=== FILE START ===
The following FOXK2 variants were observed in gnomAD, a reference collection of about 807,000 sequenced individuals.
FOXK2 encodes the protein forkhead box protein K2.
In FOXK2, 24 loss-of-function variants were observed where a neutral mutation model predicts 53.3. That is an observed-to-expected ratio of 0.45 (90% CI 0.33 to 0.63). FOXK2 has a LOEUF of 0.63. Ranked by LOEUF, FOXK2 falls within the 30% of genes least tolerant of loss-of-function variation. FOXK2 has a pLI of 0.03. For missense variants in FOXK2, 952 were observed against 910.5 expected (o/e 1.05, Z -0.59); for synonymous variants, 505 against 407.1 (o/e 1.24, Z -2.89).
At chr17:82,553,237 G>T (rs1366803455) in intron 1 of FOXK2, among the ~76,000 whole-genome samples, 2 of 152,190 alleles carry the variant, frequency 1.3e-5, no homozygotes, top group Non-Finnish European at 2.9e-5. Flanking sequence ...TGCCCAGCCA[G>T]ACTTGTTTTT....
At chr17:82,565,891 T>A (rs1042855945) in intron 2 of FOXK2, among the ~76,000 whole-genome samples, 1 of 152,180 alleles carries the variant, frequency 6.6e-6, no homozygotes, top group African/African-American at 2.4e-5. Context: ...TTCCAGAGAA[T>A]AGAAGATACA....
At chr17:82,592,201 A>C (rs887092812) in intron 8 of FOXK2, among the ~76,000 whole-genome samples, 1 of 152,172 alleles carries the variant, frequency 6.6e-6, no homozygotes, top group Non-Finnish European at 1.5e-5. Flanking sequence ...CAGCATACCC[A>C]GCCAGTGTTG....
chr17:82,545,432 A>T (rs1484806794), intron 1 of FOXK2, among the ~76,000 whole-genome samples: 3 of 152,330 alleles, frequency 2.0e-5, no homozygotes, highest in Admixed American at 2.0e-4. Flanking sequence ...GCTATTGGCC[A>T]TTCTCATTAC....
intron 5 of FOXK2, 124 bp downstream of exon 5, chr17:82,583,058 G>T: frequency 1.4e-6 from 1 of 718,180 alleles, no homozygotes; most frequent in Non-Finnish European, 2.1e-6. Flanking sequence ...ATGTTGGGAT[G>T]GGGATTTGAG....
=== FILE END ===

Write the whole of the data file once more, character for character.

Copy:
The following FOXK2 variants were observed in gnomAD, a reference collection of about 807,000 sequenced individuals.
FOXK2 encodes the protein forkhead box protein K2.
In FOXK2, 24 loss-of-function variants were observed where a neutral mutation model predicts 53.3. That is an observed-to-expected ratio of 0.45 (90% CI 0.33 to 0.63). FOXK2 has a LOEUF of 0.63. Ranked by LOEUF, FOXK2 falls within the 30% of genes least tolerant of loss-of-function variation. FOXK2 has a pLI of 0.03. For missense variants in FOXK2, 952 were observed against 910.5 expected (o/e 1.05, Z -0.59); for synonymous variants, 505 against 407.1 (o/e 1.24, Z -2.89).
At chr17:82,553,237 G>T (rs1366803455) in intron 1 of FOXK2, among the ~76,000 whole-genome samples, 2 of 152,190 alleles carry the variant, frequency 1.3e-5, no homozygotes, top group Non-Finnish European at 2.9e-5. Flanking sequence ...TGCCCAGCCA[G>T]ACTTGTTTTT....
At chr17:82,565,891 T>A (rs1042855945) in intron 2 of FOXK2, among the ~76,000 whole-genome samples, 1 of 152,180 alleles carries the variant, frequency 6.6e-6, no homozygotes, top group African/African-American at 2.4e-5. Context: ...TTCCAGAGAA[T>A]AGAAGATACA....
At chr17:82,592,201 A>C (rs887092812) in intron 8 of FOXK2, among the ~76,000 whole-genome samples, 1 of 152,172 alleles carries the variant, frequency 6.6e-6, no homozygotes, top group Non-Finnish European at 1.5e-5. Flanking sequence ...CAGCATACCC[A>C]GCCAGTGTTG....
chr17:82,545,432 A>T (rs1484806794), intron 1 of FOXK2, among the ~76,000 whole-genome samples: 3 of 152,330 alleles, frequency 2.0e-5, no homozygotes, highest in Admixed American at 2.0e-4. Flanking sequence ...GCTATTGGCC[A>T]TTCTCATTAC....
intron 5 of FOXK2, 124 bp downstream of exon 5, chr17:82,583,058 G>T: frequency 1.4e-6 from 1 of 718,180 alleles, no homozygotes; most frequent in Non-Finnish European, 2.1e-6. Flanking sequence ...ATGTTGGGAT[G>T]GGGATTTGAG....